My friend Chris called yesterday and wanted to know why I hadn’t posted anything lately. Well the answer is I’ve been busy. Chris and I have known each other since our days at the University of Kentucky.
Chris, a Kentuckian by birth and a West Virginian by choice, is one of those guys that has known you so long that he remembers things about you that you have forgotten or a least claim you have forgotten.
So for Chris today we are going to jump into the Wayback Machine and take a look at the political myopia that sometimes occurs when politicians look at their career.
From today’s Herald Leader former Gov. John Y. Brown speaking about the Fletcher merit system scandal:
“Brown said he doesn't fault the Fletcher administration because previous governors had well-established patronage systems to reward supporters.
But, he said, his administration was an exception.
Brown said he never hired anyone for political reasons while he was governor, from 1979 to 1983.”
Isn’t the myopic haze of time a wonderfully convenient, particularly when a reporter writes a puff piece like this?
For those of you too young or too cloudy of mind to remember John Y. came into office with the Republican sounding slogan of “Run it like a business”. The slogan was Johnny Boy’s equivalent of Ernie’s “Waste, Fraud and Abuse”. Every administration needs a good slogan.
Of course John Y. did run it like a business, except that business was run by the administration appointees and not John Y. Brown. When it came to making decisions Johnny Boy delegated, except maybe for buying a new helicopter, or screwing up the budget by passing out money he didn’t have and leaving the Collins administration to clean up the mess, but those are rants for another time.
Remarks made at the 20th Anniversary of the Prichard Committee for Academic Excellence by Robert F. Sexton, Executive Director, in June 7, 2003 pretty well sum up what a lot of people thought of the Brown administration.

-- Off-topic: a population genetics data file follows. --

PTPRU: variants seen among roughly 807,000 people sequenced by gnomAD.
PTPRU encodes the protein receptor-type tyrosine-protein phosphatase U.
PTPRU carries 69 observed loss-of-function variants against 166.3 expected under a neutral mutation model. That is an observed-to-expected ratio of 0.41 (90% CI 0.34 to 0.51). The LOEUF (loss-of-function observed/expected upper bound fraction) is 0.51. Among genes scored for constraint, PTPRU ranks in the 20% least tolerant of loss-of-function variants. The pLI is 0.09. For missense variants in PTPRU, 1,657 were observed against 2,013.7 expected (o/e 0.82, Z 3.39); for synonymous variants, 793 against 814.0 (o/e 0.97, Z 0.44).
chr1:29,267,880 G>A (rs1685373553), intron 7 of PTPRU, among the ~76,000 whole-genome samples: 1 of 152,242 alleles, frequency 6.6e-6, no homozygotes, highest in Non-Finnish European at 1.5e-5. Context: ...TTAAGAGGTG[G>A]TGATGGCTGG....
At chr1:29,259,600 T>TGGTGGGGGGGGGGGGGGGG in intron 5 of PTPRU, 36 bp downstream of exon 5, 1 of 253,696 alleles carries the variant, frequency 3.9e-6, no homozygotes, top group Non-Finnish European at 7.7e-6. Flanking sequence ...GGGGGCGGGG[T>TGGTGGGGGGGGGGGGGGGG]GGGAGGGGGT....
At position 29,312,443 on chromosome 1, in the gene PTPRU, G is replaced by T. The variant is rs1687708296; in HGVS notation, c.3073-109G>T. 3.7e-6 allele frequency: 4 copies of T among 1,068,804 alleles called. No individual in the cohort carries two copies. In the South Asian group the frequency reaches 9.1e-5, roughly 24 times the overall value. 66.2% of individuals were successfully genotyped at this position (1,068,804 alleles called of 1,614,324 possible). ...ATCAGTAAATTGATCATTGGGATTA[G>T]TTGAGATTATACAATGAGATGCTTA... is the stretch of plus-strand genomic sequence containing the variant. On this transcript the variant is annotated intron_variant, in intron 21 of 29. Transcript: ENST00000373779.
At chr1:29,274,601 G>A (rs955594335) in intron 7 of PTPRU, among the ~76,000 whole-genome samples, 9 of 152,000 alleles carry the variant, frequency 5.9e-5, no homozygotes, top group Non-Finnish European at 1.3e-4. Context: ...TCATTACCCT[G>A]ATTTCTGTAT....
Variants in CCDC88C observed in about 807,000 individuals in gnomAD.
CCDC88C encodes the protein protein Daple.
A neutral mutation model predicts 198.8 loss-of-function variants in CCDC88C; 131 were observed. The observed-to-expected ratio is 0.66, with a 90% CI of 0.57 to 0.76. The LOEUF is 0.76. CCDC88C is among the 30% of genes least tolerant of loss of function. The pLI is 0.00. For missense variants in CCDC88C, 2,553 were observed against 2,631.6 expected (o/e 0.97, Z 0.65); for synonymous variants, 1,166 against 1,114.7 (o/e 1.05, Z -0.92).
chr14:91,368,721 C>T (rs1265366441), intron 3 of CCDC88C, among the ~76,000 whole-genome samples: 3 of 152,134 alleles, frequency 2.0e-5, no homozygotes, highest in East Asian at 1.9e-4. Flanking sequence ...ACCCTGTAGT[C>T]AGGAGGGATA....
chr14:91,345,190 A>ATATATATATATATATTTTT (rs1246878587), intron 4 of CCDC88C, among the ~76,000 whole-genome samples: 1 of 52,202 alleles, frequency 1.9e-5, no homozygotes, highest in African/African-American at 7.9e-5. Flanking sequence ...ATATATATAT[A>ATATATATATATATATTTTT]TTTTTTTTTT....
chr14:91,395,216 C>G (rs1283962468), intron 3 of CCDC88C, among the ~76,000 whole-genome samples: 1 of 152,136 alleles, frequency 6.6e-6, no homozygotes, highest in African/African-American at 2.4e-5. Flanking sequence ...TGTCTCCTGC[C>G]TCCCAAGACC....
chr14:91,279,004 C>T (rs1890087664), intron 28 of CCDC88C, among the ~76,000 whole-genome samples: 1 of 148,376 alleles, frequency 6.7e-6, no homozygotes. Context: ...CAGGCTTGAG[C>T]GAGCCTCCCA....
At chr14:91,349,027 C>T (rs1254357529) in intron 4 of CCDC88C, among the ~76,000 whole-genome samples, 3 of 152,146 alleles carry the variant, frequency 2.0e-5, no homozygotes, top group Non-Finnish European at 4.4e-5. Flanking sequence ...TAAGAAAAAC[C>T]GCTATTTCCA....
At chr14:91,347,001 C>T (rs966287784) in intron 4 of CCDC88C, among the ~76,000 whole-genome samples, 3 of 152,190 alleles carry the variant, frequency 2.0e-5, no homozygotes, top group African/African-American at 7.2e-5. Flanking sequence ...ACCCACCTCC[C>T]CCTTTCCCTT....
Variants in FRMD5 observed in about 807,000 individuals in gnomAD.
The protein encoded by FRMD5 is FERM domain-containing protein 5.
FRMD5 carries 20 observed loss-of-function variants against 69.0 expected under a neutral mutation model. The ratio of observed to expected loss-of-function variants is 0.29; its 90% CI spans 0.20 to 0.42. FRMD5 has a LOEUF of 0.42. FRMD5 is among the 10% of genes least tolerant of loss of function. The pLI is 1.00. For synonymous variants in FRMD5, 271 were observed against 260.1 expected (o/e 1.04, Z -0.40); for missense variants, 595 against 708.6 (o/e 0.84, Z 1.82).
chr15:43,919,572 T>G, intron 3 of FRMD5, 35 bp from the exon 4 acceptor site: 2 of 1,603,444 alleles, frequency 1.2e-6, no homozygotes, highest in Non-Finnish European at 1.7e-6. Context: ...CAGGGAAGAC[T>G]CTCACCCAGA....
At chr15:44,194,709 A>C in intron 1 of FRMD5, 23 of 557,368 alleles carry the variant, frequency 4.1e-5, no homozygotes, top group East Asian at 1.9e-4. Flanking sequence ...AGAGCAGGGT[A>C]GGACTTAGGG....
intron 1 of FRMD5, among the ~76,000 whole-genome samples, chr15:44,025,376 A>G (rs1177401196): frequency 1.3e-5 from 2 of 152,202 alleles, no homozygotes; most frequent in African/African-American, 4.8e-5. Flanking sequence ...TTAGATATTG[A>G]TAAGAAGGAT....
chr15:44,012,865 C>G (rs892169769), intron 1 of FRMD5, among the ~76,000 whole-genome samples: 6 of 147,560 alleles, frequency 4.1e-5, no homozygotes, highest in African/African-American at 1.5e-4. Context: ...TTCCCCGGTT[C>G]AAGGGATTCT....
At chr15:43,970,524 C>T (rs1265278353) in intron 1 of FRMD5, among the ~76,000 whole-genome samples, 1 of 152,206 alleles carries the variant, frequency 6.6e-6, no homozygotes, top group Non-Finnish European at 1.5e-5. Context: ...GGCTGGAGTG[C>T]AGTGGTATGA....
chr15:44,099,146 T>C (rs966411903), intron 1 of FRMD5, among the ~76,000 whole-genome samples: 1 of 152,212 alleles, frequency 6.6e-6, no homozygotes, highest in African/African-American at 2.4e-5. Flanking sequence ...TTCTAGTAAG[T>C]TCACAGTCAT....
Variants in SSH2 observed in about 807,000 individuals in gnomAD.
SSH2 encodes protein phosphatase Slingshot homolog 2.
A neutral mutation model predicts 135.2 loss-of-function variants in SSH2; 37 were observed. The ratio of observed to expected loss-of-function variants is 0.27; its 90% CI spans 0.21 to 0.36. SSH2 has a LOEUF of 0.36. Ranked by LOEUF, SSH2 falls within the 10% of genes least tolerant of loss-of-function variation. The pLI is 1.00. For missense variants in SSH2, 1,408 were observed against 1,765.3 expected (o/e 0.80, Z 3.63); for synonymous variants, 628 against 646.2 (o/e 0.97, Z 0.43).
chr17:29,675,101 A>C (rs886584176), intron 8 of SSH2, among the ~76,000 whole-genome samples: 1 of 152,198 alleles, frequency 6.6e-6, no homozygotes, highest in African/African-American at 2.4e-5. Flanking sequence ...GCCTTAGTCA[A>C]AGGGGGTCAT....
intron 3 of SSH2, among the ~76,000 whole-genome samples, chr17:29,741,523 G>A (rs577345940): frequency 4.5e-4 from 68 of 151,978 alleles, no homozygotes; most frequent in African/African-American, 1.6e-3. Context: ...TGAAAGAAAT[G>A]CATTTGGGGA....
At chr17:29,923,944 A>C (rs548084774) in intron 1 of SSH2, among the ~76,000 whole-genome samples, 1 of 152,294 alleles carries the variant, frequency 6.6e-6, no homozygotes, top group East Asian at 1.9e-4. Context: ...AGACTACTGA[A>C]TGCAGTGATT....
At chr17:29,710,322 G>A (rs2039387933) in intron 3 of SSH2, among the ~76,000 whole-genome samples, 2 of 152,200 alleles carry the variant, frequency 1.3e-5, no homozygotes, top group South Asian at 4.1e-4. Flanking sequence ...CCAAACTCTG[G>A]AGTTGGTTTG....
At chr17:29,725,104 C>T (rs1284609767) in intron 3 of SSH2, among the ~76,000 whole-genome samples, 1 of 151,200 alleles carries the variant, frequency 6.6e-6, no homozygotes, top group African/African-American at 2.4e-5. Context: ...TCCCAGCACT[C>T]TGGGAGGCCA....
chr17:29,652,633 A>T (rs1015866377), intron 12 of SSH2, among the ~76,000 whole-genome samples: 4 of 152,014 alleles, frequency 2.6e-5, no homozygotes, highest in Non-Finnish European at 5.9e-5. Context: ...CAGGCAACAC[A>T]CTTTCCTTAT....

“Dot Ridings remembered that John Y. Brown, the governor, came to Shakertown for one of our meetings in 1981. We always invited the governor and the governor always showed up.
But Prich never made a secret of the fact that he thought John Y. Brown didn’t pay enough attention to things that were really important. (Dot was being diplomatic. Prich thought Brown had no personal interest in education at all. He said — this wasn’t private, it was in the paper —‘he hasn’t read a book since Babar the Elephant.’)
On this particular occasion the governor flew into Shakertown in his helicopter and landed on the grounds outside where we were meeting. He came in with his entourage and made his remarks and told us we were doing good work. We told him that we wanted some more stuffout of him, and he said he’d think about it.
He was about to make his exit when the heavens opened up with rain, thunder and lightning. John Y. and his entourage fled upstairs, and a few minutes later one of his staff came down and said the governor was going to come back down himself and stay for a while since he couldn’t leave. Then, Dot said, Prich leaned over to her and said “It’s an act of God! ‘ ”
The Brown administration instituted the current Cabinet system of organization in state government. The organization was a six by six design, no person supervised more that six people and there were no more than six levels of supervision between the Governor and the lowest ranking employee.
Since John Boy was pretty hands off, the folks under him used the reorganization of state government to settle a lot of old scores. Obviously our reporter on this story failed to mention the number of state employees laid off, all of which were reinstated by the court system.
From the Herald Leader:
“Past administrations have also stumbled over personnel issues. An ethics commission fined former Gov. Paul Patton for some of his hiring practices. And mass layoffs under Gov. John Y. Brown Jr. led to numerous lawsuits in the early 1980s.”
Now Brown may never have personally pulled strings for a political appointee, but his administration was certainly not the Camelot he would lead us to believe